Activities like create new games or play popular games should not be restricted to only moments of leisure.
Teachers, researchers, and educators are increasingly integrating play into their classrooms since it is an alternative that offers countless benefits to children’s learning process.
Play develops children’s specific skills, needs, and traits in a lighthearted, enjoyable way. It also brings people together and, in turn, lightens up the environment, filling it with surprises — not only for the kids, but also for the adults, whether at home or at school.
A scientific study published in 2016 by the American Psychological Association reinforces the benefits board games can bring to children’s learning.
The study observed how groups of kids can be more inflexible towards the conventional rules of a game or activity when said rules are taught to them, rather than when they make up their own rules. However, they still sat for hours playing simply because these activities were pleasurable and fun.
The result was an increase in levels of concentration and motivation. It is a complex article gathering data that, ultimately, proves it is possible to learn and acquire skills by playing board games.
What Harvard says
The University of Harvard, in the United States, is one of the most prestigious educational institutions in the world. At Harvard, there is the Center on the Developing Child, where many studies with and about kids are conducted, with countless partnerships with other American institutions and from around the world.
One of the materials made available on the website of the Center on the Developing Child at Harvard explains that the science of child development points to three basic principles that can orient what society needs to do to help children and their families to prosper. These principles are: to support responsive relationships, to strengthen essential skills for life, and to reduce sources of stress. Play in early childhood is an effective way to support these three principles.
Laura Huerta Migus, Executive Director of the Association of Children’s Museums, states that, when we play, we can reach our maximum happiness, but we can also handle great difficulties. When we play, we engage in complex interactions with other people at the same time that we build our brains. When we play, social interactions become relationships. We need play in order to connect these three basic principles.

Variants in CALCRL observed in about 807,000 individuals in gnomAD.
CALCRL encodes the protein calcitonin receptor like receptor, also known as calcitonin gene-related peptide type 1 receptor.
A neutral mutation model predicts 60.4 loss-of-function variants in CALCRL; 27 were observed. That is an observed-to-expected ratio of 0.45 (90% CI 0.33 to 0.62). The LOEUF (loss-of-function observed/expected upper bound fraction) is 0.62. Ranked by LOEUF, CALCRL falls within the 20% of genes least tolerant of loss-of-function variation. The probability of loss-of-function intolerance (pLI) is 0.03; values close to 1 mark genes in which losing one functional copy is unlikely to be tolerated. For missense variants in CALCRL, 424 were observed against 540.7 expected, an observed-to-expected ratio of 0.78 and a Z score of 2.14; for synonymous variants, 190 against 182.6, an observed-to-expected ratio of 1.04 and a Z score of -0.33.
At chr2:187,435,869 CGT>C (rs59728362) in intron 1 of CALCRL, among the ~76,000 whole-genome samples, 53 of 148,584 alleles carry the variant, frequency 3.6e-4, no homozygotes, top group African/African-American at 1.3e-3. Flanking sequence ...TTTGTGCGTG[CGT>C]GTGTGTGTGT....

Lynneth Solis, researcher at Project Zero at the Harvard Graduate School of Education, asserts that “…as a child, play prepares me to better respond in the face of the unknown and the uncertainty of the environment where I live.”
Play strengthens essential skills for life. It is possible to observe these skills during some moments in a game or activity:
- Children need to think and decide how to interact in a game. That is, they need to think about what they are going to say, how they are going to say it and how to position themselves.
- The use of planning and problem solving skills to complete the activities is necessary. That is when the strategies, the moves, and even their approach to building a lego tower come in.
- Following the rules of the game is necessary, but it is also important to be flexible when a friend wants to change these rules. In other words, negotiation skills in a different social group – which is not family – are also developed here.
Lynneth Solis explains that play reduces stress levels and develops essential life skills that allow kids to assess a situation and know how to change it, in a way that they don’t feel attacked or stressed. We also know that it develops confrontation skills as well as reduces parents’ and caregivers’ stress levels.